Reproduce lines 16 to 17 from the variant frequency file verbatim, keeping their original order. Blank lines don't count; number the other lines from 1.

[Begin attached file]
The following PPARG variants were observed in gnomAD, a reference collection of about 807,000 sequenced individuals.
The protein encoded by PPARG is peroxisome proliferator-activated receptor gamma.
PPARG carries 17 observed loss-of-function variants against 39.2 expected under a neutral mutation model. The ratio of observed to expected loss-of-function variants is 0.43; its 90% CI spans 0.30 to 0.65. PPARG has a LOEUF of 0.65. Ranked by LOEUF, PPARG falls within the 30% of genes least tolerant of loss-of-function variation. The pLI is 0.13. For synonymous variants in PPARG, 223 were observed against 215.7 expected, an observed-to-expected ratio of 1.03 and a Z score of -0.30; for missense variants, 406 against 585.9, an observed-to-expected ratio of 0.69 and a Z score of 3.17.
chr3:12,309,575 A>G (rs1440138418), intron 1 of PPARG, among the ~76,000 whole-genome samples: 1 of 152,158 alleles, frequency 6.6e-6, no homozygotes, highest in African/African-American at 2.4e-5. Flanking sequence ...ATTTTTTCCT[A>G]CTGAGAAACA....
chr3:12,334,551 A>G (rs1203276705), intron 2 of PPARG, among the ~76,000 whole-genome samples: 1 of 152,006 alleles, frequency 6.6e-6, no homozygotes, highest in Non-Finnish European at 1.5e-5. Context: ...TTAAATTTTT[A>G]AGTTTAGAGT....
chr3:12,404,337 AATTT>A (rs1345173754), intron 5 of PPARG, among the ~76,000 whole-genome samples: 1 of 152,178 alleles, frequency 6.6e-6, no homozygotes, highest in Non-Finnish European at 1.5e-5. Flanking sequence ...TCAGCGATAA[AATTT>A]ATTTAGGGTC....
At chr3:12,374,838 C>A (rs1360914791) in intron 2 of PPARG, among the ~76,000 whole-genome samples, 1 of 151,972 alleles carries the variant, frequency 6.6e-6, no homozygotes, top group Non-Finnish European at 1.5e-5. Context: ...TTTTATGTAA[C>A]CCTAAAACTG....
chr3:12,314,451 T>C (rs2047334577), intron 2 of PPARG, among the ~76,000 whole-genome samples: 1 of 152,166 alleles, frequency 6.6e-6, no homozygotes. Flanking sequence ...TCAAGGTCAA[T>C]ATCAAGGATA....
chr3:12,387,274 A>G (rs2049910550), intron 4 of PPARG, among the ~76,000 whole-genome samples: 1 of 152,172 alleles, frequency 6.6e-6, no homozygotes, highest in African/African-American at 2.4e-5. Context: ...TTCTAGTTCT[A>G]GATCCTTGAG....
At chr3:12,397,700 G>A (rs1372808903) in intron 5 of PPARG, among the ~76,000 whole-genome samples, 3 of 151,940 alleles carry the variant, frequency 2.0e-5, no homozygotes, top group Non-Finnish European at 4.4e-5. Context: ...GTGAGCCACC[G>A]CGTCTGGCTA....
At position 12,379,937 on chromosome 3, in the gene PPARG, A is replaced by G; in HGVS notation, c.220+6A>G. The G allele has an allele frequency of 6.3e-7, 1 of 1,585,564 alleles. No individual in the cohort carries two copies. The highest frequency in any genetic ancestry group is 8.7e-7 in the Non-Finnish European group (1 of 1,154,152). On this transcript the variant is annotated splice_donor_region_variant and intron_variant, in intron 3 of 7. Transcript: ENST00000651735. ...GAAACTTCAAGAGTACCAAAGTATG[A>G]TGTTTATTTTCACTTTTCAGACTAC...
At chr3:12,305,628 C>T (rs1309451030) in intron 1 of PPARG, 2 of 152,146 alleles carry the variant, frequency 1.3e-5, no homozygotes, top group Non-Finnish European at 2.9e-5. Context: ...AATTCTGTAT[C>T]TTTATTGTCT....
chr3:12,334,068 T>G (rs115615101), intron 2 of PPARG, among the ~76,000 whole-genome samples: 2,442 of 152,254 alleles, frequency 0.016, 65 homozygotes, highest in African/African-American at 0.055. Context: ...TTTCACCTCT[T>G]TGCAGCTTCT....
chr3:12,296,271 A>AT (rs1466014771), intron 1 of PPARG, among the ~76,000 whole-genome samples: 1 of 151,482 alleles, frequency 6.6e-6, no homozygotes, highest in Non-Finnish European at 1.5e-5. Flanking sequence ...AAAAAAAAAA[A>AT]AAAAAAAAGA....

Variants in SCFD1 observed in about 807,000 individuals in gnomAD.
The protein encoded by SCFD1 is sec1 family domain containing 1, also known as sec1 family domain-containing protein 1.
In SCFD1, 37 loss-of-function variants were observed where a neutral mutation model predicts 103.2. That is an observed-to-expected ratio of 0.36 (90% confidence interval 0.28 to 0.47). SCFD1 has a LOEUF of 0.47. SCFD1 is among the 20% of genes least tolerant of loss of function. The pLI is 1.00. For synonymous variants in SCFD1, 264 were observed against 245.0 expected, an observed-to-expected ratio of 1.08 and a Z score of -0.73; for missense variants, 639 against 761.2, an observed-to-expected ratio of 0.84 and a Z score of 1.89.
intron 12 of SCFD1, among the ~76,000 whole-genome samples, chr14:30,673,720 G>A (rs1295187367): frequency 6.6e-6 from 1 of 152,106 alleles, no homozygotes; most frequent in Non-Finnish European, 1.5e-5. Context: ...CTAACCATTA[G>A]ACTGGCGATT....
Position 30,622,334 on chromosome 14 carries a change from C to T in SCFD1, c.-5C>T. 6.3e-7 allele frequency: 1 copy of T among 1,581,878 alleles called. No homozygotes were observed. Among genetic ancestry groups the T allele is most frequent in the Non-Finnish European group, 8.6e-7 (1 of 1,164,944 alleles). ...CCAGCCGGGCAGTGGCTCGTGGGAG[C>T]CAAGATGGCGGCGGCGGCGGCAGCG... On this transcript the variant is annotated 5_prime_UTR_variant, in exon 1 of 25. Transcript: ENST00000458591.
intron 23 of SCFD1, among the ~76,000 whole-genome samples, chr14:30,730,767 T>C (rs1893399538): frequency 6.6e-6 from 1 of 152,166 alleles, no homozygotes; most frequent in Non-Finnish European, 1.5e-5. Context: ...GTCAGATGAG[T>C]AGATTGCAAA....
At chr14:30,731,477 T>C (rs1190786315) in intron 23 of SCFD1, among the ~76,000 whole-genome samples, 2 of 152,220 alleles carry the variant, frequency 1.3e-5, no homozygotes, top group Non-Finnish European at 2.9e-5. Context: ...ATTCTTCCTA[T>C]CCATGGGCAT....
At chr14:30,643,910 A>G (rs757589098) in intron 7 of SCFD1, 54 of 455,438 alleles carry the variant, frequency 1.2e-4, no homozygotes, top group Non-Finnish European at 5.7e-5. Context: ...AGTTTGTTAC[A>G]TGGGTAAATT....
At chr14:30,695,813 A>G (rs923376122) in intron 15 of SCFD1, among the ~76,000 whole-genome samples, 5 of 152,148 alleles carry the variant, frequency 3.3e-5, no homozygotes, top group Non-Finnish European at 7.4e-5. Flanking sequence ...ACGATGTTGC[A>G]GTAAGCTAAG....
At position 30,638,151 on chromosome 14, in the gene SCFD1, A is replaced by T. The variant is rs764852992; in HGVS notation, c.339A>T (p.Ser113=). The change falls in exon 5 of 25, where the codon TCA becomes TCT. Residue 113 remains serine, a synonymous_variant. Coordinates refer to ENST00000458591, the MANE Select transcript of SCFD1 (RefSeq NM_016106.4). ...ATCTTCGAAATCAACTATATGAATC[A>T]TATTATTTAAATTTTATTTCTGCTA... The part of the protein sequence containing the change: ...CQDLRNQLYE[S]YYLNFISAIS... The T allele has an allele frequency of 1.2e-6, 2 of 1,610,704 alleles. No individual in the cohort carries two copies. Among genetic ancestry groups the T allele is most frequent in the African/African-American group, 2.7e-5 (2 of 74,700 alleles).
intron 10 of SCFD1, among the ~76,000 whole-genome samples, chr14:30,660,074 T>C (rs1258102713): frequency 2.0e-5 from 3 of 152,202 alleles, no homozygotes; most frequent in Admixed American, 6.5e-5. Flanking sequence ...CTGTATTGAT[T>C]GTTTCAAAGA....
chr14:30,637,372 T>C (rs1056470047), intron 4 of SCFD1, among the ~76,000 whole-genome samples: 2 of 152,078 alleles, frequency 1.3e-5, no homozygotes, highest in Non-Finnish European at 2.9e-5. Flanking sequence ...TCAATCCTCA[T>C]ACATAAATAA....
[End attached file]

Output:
The protein encoded by SCFD1 is sec1 family domain containing 1, also known as sec1 family domain-containing protein 1.
In SCFD1, 37 loss-of-function variants were observed where a neutral mutation model predicts 103.2. That is an observed-to-expected ratio of 0.36 (90% confidence interval 0.28 to 0.47). SCFD1 has a LOEUF of 0.47. SCFD1 is among the 20% of genes least tolerant of loss of function. The pLI is 1.00. For synonymous variants in SCFD1, 264 were observed against 245.0 expected, an observed-to-expected ratio of 1.08 and a Z score of -0.73; for missense variants, 639 against 761.2, an observed-to-expected ratio of 0.84 and a Z score of 1.89.